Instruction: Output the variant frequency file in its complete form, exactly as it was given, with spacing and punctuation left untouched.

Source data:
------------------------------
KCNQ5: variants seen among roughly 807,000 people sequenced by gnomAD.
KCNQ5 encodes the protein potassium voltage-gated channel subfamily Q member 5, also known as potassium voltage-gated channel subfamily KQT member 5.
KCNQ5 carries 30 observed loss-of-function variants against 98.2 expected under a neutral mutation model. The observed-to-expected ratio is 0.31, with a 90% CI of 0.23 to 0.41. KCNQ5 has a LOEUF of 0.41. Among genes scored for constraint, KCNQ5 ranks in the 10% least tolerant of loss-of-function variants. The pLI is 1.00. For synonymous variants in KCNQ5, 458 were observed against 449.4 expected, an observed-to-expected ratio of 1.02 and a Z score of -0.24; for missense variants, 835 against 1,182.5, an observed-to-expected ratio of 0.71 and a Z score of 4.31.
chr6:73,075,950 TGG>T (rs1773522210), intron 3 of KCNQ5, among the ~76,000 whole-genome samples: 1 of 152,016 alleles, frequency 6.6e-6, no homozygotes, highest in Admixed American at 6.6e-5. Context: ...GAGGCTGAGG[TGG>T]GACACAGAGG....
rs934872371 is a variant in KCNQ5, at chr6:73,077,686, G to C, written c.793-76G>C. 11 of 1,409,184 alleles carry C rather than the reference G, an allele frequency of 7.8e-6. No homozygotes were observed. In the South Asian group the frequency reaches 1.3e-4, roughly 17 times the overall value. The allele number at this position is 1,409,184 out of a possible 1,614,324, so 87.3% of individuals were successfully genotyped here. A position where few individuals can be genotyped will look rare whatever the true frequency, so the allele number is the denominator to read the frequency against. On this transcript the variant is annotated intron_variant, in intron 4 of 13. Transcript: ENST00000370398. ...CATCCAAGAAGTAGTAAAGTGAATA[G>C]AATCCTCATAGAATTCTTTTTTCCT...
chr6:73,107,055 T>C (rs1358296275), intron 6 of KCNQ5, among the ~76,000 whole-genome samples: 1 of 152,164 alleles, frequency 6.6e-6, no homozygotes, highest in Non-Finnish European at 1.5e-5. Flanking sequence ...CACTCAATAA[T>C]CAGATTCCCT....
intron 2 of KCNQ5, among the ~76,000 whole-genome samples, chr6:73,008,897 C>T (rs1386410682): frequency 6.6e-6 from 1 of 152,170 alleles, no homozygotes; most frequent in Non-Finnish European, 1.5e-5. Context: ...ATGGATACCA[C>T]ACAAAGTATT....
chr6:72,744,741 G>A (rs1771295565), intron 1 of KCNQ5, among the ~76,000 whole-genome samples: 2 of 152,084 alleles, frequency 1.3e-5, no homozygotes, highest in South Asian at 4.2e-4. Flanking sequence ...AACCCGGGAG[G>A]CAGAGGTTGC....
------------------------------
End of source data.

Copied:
KCNQ5: variants seen among roughly 807,000 people sequenced by gnomAD.
KCNQ5 encodes the protein potassium voltage-gated channel subfamily Q member 5, also known as potassium voltage-gated channel subfamily KQT member 5.
KCNQ5 carries 30 observed loss-of-function variants against 98.2 expected under a neutral mutation model. The observed-to-expected ratio is 0.31, with a 90% CI of 0.23 to 0.41. KCNQ5 has a LOEUF of 0.41. Among genes scored for constraint, KCNQ5 ranks in the 10% least tolerant of loss-of-function variants. The pLI is 1.00. For synonymous variants in KCNQ5, 458 were observed against 449.4 expected, an observed-to-expected ratio of 1.02 and a Z score of -0.24; for missense variants, 835 against 1,182.5, an observed-to-expected ratio of 0.71 and a Z score of 4.31.
chr6:73,075,950 TGG>T (rs1773522210), intron 3 of KCNQ5, among the ~76,000 whole-genome samples: 1 of 152,016 alleles, frequency 6.6e-6, no homozygotes, highest in Admixed American at 6.6e-5. Context: ...GAGGCTGAGG[TGG>T]GACACAGAGG....
rs934872371 is a variant in KCNQ5, at chr6:73,077,686, G to C, written c.793-76G>C. 11 of 1,409,184 alleles carry C rather than the reference G, an allele frequency of 7.8e-6. No homozygotes were observed. In the South Asian group the frequency reaches 1.3e-4, roughly 17 times the overall value. The allele number at this position is 1,409,184 out of a possible 1,614,324, so 87.3% of individuals were successfully genotyped here. A position where few individuals can be genotyped will look rare whatever the true frequency, so the allele number is the denominator to read the frequency against. On this transcript the variant is annotated intron_variant, in intron 4 of 13. Transcript: ENST00000370398. ...CATCCAAGAAGTAGTAAAGTGAATA[G>C]AATCCTCATAGAATTCTTTTTTCCT...
chr6:73,107,055 T>C (rs1358296275), intron 6 of KCNQ5, among the ~76,000 whole-genome samples: 1 of 152,164 alleles, frequency 6.6e-6, no homozygotes, highest in Non-Finnish European at 1.5e-5. Flanking sequence ...CACTCAATAA[T>C]CAGATTCCCT....
intron 2 of KCNQ5, among the ~76,000 whole-genome samples, chr6:73,008,897 C>T (rs1386410682): frequency 6.6e-6 from 1 of 152,170 alleles, no homozygotes; most frequent in Non-Finnish European, 1.5e-5. Context: ...ATGGATACCA[C>T]ACAAAGTATT....
chr6:72,744,741 G>A (rs1771295565), intron 1 of KCNQ5, among the ~76,000 whole-genome samples: 2 of 152,084 alleles, frequency 1.3e-5, no homozygotes, highest in South Asian at 4.2e-4. Flanking sequence ...AACCCGGGAG[G>A]CAGAGGTTGC....